It’s been a long, long time since I last shot slide film. 2006, to be exact; I stopped for two reasons: one, I was shooting (and developing) through about a third of my pay every month in film; secondly, scanning was beginning to take up all of my spare waking hours. And even then, I was never that happy with the results. But then, every so often – and I was a much, much worse photographer back then (not that I’m that good now, mind you) – you’d get one slide back that was so immersive, so detailed, so crisp that it was like peering into a little world of its own. And then you’d feel the itch to do it all over again. Sometimes this would happen a few times per roll, and then you were well and truly done for.
During my last trip to Amsterdam and Prague for the European workshop tour, I found an increasing number of frames I a) wanted to shoot in color, and b) wanted to shoot with medium format. Stupidly, I left my digital back at home; rather than pick up a very cheap second hand Phase One P20+ I saw in a store, I instead succumbed to a different and much cheaper form of temptation and bought a brick of Provia 100F. That, in itself, resulted in two very pleasant surprises: firstly, that it was still reasonably easy to get in Europe, and in 120 size for the Hasselblad; secondly, it wasn’t as expensive as I remember it to be. Duly loaded, I went out and recalibrated my eyes to see in color.
You’re probably wondering why I didn’t try it sooner after picking up film again at the end of last year. Part of the reason is because 120 slide film is not easily obtainable in Kuala Lumpur, and then there’s the stickier issue of developing. Those of you living in the US or Europe still have decent pro labs in most of the major cities; if not, you can always mail it out. We don’t – international parcels get x-rayed, and that’s a disaster for film. Few remaining local labs can handle E6 processing; and even then, I found out it’s only on a few specific days of the week, because the demand is simply not there anymore. DIY developing is an option if you have access to the chemical and one of those Jobo developers that can maintain the necessarily very precise temperatures for you. There are a lot of steps, and temperature is very critical to obtaining accurate color. One simply does not have the latitude or control that is afforded with B&W film.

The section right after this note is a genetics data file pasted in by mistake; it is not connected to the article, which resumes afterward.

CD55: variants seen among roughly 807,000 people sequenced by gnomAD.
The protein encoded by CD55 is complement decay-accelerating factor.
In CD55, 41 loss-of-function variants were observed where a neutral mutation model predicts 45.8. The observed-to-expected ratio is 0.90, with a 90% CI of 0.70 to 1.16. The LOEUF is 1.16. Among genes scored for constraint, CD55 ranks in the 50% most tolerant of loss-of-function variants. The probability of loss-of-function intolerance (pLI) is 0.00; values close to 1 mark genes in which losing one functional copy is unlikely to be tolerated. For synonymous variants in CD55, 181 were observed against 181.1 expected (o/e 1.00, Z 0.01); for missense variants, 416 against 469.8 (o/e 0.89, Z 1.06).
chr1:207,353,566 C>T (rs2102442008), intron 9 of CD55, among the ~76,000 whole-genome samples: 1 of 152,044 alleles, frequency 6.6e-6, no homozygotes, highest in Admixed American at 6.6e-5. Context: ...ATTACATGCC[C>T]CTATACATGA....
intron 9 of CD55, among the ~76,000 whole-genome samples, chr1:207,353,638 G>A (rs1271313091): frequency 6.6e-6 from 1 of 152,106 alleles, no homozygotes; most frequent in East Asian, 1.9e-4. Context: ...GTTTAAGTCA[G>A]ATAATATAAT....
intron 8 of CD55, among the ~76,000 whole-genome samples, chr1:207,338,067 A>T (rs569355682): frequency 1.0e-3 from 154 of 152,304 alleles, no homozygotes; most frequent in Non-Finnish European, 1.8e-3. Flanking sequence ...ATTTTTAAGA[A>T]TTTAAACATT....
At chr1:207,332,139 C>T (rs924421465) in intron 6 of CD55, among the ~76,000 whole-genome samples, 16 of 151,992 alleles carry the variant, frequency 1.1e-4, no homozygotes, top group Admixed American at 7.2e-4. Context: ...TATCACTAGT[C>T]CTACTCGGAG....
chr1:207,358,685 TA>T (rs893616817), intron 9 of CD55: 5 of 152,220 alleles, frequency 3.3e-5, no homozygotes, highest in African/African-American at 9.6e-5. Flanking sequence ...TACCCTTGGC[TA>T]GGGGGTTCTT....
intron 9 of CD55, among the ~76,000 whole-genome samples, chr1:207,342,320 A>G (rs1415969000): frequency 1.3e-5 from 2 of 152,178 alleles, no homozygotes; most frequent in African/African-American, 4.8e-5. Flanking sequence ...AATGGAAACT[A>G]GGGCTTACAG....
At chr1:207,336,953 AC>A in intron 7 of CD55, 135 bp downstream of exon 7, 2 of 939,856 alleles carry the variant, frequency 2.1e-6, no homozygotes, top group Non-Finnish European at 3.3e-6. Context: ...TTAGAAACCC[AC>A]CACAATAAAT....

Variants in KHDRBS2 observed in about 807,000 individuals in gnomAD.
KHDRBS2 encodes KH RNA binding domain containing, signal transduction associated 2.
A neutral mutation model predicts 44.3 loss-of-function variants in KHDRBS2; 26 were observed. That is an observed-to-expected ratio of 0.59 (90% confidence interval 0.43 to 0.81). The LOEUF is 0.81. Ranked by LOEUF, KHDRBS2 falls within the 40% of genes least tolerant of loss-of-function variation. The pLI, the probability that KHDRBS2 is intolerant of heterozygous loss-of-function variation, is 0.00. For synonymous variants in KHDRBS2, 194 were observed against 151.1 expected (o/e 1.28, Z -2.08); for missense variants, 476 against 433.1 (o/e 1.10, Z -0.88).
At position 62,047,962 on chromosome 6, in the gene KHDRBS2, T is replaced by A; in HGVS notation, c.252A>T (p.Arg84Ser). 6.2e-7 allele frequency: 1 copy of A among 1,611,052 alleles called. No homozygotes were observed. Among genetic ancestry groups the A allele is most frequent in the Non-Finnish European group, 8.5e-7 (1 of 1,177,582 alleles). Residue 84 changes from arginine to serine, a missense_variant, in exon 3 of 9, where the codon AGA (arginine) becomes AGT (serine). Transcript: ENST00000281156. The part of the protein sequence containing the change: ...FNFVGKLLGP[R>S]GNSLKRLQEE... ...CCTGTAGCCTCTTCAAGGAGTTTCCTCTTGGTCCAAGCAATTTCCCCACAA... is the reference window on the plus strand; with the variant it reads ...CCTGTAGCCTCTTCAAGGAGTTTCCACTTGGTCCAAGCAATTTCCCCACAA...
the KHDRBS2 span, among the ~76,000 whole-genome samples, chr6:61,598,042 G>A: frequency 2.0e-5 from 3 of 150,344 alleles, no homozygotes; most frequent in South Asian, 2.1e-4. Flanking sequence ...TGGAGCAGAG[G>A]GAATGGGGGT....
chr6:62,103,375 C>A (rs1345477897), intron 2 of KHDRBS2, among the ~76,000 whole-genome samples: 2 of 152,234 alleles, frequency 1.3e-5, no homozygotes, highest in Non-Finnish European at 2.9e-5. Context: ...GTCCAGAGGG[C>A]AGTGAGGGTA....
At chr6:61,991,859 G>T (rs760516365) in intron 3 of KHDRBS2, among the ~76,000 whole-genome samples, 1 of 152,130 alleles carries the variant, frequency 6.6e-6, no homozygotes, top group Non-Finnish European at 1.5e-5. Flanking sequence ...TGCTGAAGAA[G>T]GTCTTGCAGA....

There’s another more pragmatic reason: all of the available E6 is now daylight balanced, which means it’s going to give you blue casts in the shade, and yellow casts indoors. The film is also pretty slow; though Provia 400 exists, it’s grainy and lacks the ‘bite’ of the slower emulsions. On top of that – digital makes it so much easier to get accurate color under all ambient lighting conditions. It’s actually difficult to make an argument for shooting slides. Or is it?
I am reasonably pleased with the developing. I say reasonably, because although four out of five rolls were flawless, there was a lot of dust requiring a second washing before scanning, and the fifth roll had an odd artefact along the edges of four frames – it looked as though something partially masked the film from the effects of one chemical, resulting in darkening and color shifts. Not good. No point in complaining because there’s nothing that can be done about it anyway. Certainly the negatives were not in as good condition as when I process them myself, but that’s always the risk of sending your film out: nobody is going to care as much about your pictures as you do.